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  • Central solenoid assembly | First sequences underway

    What does it take to assemble the magnet at the heart of ITER? Heavy lifting, unerring accuracy, and a human touch. The central solenoid will be assembled from [...]

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  • Assembly | The eyes of ITER

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  • Component repairs | Removing, displacing and disassembling

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  • Assembly | Set of handling tools for in-vessel installation finalized

    Inside of a test facility that reproduces the volume and geometry of the ITER vacuum vessel environment, a team from CNIM Systèmes Industriels has dem [...]

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  • 360° image of the week | The assembly theatre

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Of Interest

See archived entries

Assembly preparation

A "corbel" for the crane hall

At the uppermost level of the Tokamak Building, on the lateral wall extending out from the Assembly Hall, workers are busy pouring concrete for what looks like a massive balcony. The 80-metre long, 3.2-metre-wide protruding element is not a temporary viewpoint for visitors, however. It is the "corbel" that will support steel pillars for the future crane hall.

Jutting out from one of the Tokamak Building's lateral walls, the 80-metre-long corbel (already painted white) is 80 percent complete. Some 640 cubic metres of concrete, out of a total of 800, have been poured over the past weeks. (Click to view larger version...)
Jutting out from one of the Tokamak Building's lateral walls, the 80-metre-long corbel (already painted white) is 80 percent complete. Some 640 cubic metres of concrete, out of a total of 800, have been poured over the past weeks.
The corbel's size and shape, and the density of its reinforced concrete, are dictated by its function: not only will it carry part of the weight of the crane hall's steel structure (1,800 tonnes), but it will also need to withstand and distribute the tremendous forces exerted on the hall structure by the movements of the 1,500-tonne double overhead bridge crane.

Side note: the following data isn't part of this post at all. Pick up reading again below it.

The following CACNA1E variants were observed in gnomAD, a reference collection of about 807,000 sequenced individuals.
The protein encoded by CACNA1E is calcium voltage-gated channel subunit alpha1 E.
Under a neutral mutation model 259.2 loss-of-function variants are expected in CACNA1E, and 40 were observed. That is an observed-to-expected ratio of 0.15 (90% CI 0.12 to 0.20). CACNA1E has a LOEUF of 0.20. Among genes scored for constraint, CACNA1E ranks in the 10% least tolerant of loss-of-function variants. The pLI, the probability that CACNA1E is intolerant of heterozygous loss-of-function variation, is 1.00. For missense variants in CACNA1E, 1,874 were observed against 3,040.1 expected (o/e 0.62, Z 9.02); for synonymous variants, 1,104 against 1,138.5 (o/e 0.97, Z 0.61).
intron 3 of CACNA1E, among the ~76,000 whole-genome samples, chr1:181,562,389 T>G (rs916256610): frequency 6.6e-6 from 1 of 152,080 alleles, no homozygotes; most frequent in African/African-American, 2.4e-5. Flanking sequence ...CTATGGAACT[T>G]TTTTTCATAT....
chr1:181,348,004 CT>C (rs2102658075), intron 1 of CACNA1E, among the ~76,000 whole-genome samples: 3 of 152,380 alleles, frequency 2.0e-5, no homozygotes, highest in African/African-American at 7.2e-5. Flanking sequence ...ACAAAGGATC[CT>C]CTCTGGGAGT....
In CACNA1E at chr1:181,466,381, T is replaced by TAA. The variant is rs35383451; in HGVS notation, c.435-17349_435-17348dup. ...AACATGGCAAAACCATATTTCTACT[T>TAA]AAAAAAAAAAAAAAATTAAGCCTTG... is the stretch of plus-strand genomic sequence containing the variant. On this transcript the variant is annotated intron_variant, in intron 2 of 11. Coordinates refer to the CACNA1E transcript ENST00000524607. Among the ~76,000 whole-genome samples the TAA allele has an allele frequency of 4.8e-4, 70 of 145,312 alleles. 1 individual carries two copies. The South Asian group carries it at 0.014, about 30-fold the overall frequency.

The pouring of the corbel opens a new chapter in the construction of the Tokamak Building, the towering ziggurat that has come to symbolize the ITER Project throughout the world. Soon, with the creation of the crane hall in the continuation of the Assembly Hall, the whole appearance of the building will change.

First, at the end of the summer, 25-metre-high steel pillars will be deeply anchored in the corbel and in dedicated concrete columns on the opposite side of the Tokamak Building. Steel beams for the frame will then be lifted into position, spanning a distance of close to 50 metres. The building's appearance, by then, will take us back in time to the year 2015 when a similar steel structure was erected for the Assembly Hall.

The anchoring system for each steel pillar is designed to withstand vertical compression loads in excess of 150 tonnes and a ''moment'' (lateral acceleration) of 220 tonnes per metre. (Click to view larger version...)
The anchoring system for each steel pillar is designed to withstand vertical compression loads in excess of 150 tonnes and a ''moment'' (lateral acceleration) of 220 tonnes per metre.
The visual change in the building's aspect heralds a major transition in the project. Corbel, supporting columns, steel pillars and frame all convey the same message: the Tokamak Building is being readied for the assembly of the ITER machine.

During this strategic phase, set to commence in the spring of 2020, loads will be transferred from the Assembly Hall to the Tokamak Pit either as single components or as "pre-assemblies" whose weight, in some cases, will be in excess of 1,200 tonnes.

The cranes that will be tasked with this operation were installed in the Assembly Hall in the summer of 2016, with rails running the whole length of the building. When the steel structure and associated cladding above the Tokamak Building is complete in March 2020, the temporary wall at the west end of the Assembly Hall will be removed and the crane rails will be extended all the way to the west wall of the Tokamak Building.

In the vast hall thus created, the mammoth 1,500-tonne double overhead bridge crane and its smaller siblings, the 50-tonne auxiliary cranes, will travel back and forth, delivering components to the assembly pit—beginning with the base section of the cryostat (the single largest and heaviest component of the ITER machine) and ending with the cryostat lid.

 


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